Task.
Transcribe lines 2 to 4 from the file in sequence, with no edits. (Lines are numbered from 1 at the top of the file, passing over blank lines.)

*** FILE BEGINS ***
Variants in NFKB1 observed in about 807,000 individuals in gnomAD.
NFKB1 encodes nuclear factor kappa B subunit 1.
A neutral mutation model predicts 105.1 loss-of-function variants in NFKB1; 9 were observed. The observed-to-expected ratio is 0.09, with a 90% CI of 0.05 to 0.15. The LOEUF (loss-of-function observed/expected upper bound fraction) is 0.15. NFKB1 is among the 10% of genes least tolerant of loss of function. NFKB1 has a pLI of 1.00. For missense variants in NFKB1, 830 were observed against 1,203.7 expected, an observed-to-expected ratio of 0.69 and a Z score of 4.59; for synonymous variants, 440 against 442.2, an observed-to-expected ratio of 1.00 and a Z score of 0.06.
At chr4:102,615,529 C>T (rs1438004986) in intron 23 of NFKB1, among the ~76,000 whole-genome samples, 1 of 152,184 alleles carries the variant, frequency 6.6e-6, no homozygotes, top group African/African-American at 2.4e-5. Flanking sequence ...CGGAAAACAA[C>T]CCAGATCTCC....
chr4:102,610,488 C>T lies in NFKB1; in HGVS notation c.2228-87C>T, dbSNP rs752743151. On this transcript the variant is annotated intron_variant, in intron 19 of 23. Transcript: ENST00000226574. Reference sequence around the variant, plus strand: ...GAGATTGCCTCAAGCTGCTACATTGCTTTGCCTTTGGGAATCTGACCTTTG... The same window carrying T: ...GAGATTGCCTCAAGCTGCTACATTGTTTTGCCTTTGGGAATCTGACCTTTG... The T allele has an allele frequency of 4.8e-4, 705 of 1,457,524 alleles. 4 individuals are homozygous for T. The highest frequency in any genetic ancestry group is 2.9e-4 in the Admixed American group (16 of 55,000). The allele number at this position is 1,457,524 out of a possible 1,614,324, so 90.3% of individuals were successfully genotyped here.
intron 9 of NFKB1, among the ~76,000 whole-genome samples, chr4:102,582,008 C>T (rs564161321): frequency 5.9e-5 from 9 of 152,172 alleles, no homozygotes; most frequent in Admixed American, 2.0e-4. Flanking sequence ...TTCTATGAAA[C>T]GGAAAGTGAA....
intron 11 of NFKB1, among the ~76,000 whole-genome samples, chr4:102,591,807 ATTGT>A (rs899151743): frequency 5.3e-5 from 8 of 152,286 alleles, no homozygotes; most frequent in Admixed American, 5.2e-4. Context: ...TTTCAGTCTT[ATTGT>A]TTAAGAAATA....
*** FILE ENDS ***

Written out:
NFKB1 encodes nuclear factor kappa B subunit 1.
A neutral mutation model predicts 105.1 loss-of-function variants in NFKB1; 9 were observed. The observed-to-expected ratio is 0.09, with a 90% CI of 0.05 to 0.15. The LOEUF (loss-of-function observed/expected upper bound fraction) is 0.15. NFKB1 is among the 10% of genes least tolerant of loss of function. NFKB1 has a pLI of 1.00. For missense variants in NFKB1, 830 were observed against 1,203.7 expected, an observed-to-expected ratio of 0.69 and a Z score of 4.59; for synonymous variants, 440 against 442.2, an observed-to-expected ratio of 1.00 and a Z score of 0.06.
At chr4:102,615,529 C>T (rs1438004986) in intron 23 of NFKB1, among the ~76,000 whole-genome samples, 1 of 152,184 alleles carries the variant, frequency 6.6e-6, no homozygotes, top group African/African-American at 2.4e-5. Flanking sequence ...CGGAAAACAA[C>T]CCAGATCTCC....